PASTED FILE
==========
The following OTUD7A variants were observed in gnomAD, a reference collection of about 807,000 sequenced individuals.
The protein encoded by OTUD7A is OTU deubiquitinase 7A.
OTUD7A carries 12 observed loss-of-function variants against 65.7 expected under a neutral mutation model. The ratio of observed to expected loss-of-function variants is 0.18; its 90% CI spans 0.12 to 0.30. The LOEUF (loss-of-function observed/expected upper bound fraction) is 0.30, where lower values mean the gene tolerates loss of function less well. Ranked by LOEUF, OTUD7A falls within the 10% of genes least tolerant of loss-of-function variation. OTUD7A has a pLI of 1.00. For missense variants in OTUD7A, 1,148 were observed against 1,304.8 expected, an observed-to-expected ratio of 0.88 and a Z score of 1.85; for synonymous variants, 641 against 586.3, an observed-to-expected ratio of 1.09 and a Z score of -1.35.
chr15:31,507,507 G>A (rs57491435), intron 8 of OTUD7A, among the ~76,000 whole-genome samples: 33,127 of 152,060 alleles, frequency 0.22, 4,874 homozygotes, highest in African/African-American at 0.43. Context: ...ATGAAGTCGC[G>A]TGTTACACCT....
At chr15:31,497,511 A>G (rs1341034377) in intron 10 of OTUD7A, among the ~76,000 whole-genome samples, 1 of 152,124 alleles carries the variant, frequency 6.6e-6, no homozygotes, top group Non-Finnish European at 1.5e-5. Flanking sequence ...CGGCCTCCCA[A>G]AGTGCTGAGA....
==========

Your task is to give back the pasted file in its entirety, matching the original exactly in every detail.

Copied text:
The following OTUD7A variants were observed in gnomAD, a reference collection of about 807,000 sequenced individuals.
The protein encoded by OTUD7A is OTU deubiquitinase 7A.
OTUD7A carries 12 observed loss-of-function variants against 65.7 expected under a neutral mutation model. The ratio of observed to expected loss-of-function variants is 0.18; its 90% CI spans 0.12 to 0.30. The LOEUF (loss-of-function observed/expected upper bound fraction) is 0.30, where lower values mean the gene tolerates loss of function less well. Ranked by LOEUF, OTUD7A falls within the 10% of genes least tolerant of loss-of-function variation. OTUD7A has a pLI of 1.00. For missense variants in OTUD7A, 1,148 were observed against 1,304.8 expected, an observed-to-expected ratio of 0.88 and a Z score of 1.85; for synonymous variants, 641 against 586.3, an observed-to-expected ratio of 1.09 and a Z score of -1.35.
chr15:31,507,507 G>A (rs57491435), intron 8 of OTUD7A, among the ~76,000 whole-genome samples: 33,127 of 152,060 alleles, frequency 0.22, 4,874 homozygotes, highest in African/African-American at 0.43. Context: ...ATGAAGTCGC[G>A]TGTTACACCT....
At chr15:31,497,511 A>G (rs1341034377) in intron 10 of OTUD7A, among the ~76,000 whole-genome samples, 1 of 152,124 alleles carries the variant, frequency 6.6e-6, no homozygotes, top group Non-Finnish European at 1.5e-5. Flanking sequence ...CGGCCTCCCA[A>G]AGTGCTGAGA....